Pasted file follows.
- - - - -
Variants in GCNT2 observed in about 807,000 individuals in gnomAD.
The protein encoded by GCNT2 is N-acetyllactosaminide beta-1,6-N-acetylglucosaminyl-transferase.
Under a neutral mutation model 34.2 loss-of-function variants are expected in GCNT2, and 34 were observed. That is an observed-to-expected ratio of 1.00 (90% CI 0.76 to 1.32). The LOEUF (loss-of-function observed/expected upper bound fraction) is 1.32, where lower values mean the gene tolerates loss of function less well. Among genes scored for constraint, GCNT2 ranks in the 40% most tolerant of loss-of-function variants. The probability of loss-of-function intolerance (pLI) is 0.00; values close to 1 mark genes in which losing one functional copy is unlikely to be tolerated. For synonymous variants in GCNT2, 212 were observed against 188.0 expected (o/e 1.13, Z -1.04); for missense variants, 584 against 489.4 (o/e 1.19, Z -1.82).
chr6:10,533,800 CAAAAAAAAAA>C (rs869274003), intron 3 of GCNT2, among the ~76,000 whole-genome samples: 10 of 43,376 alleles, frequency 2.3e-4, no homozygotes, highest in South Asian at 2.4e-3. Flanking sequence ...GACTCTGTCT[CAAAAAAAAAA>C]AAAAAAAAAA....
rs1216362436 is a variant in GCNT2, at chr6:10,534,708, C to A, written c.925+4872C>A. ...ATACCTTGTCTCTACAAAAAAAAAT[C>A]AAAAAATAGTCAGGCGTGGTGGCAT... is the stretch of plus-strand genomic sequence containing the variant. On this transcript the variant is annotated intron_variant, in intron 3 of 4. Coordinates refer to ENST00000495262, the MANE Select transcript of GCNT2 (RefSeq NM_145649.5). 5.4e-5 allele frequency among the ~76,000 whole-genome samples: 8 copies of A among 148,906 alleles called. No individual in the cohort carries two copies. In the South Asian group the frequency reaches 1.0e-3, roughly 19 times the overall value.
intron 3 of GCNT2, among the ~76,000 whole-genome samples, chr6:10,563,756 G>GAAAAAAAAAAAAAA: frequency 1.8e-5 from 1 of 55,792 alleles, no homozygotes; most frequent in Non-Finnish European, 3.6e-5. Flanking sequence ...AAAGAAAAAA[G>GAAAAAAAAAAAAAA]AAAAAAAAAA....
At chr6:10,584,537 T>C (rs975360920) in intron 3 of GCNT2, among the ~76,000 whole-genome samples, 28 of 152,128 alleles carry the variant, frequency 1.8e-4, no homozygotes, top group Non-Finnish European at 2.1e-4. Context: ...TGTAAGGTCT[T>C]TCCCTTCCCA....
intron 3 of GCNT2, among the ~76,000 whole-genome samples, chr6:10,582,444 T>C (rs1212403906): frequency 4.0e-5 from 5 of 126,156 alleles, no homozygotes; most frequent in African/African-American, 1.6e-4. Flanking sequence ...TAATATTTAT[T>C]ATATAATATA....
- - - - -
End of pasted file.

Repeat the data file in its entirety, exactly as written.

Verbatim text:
Variants in GCNT2 observed in about 807,000 individuals in gnomAD.
The protein encoded by GCNT2 is N-acetyllactosaminide beta-1,6-N-acetylglucosaminyl-transferase.
Under a neutral mutation model 34.2 loss-of-function variants are expected in GCNT2, and 34 were observed. That is an observed-to-expected ratio of 1.00 (90% CI 0.76 to 1.32). The LOEUF (loss-of-function observed/expected upper bound fraction) is 1.32, where lower values mean the gene tolerates loss of function less well. Among genes scored for constraint, GCNT2 ranks in the 40% most tolerant of loss-of-function variants. The probability of loss-of-function intolerance (pLI) is 0.00; values close to 1 mark genes in which losing one functional copy is unlikely to be tolerated. For synonymous variants in GCNT2, 212 were observed against 188.0 expected (o/e 1.13, Z -1.04); for missense variants, 584 against 489.4 (o/e 1.19, Z -1.82).
chr6:10,533,800 CAAAAAAAAAA>C (rs869274003), intron 3 of GCNT2, among the ~76,000 whole-genome samples: 10 of 43,376 alleles, frequency 2.3e-4, no homozygotes, highest in South Asian at 2.4e-3. Flanking sequence ...GACTCTGTCT[CAAAAAAAAAA>C]AAAAAAAAAA....
rs1216362436 is a variant in GCNT2, at chr6:10,534,708, C to A, written c.925+4872C>A. ...ATACCTTGTCTCTACAAAAAAAAAT[C>A]AAAAAATAGTCAGGCGTGGTGGCAT... is the stretch of plus-strand genomic sequence containing the variant. On this transcript the variant is annotated intron_variant, in intron 3 of 4. Coordinates refer to ENST00000495262, the MANE Select transcript of GCNT2 (RefSeq NM_145649.5). 5.4e-5 allele frequency among the ~76,000 whole-genome samples: 8 copies of A among 148,906 alleles called. No individual in the cohort carries two copies. In the South Asian group the frequency reaches 1.0e-3, roughly 19 times the overall value.
intron 3 of GCNT2, among the ~76,000 whole-genome samples, chr6:10,563,756 G>GAAAAAAAAAAAAAA: frequency 1.8e-5 from 1 of 55,792 alleles, no homozygotes; most frequent in Non-Finnish European, 3.6e-5. Flanking sequence ...AAAGAAAAAA[G>GAAAAAAAAAAAAAA]AAAAAAAAAA....
At chr6:10,584,537 T>C (rs975360920) in intron 3 of GCNT2, among the ~76,000 whole-genome samples, 28 of 152,128 alleles carry the variant, frequency 1.8e-4, no homozygotes, top group Non-Finnish European at 2.1e-4. Context: ...TGTAAGGTCT[T>C]TCCCTTCCCA....
intron 3 of GCNT2, among the ~76,000 whole-genome samples, chr6:10,582,444 T>C (rs1212403906): frequency 4.0e-5 from 5 of 126,156 alleles, no homozygotes; most frequent in African/African-American, 1.6e-4. Flanking sequence ...TAATATTTAT[T>C]ATATAATATA....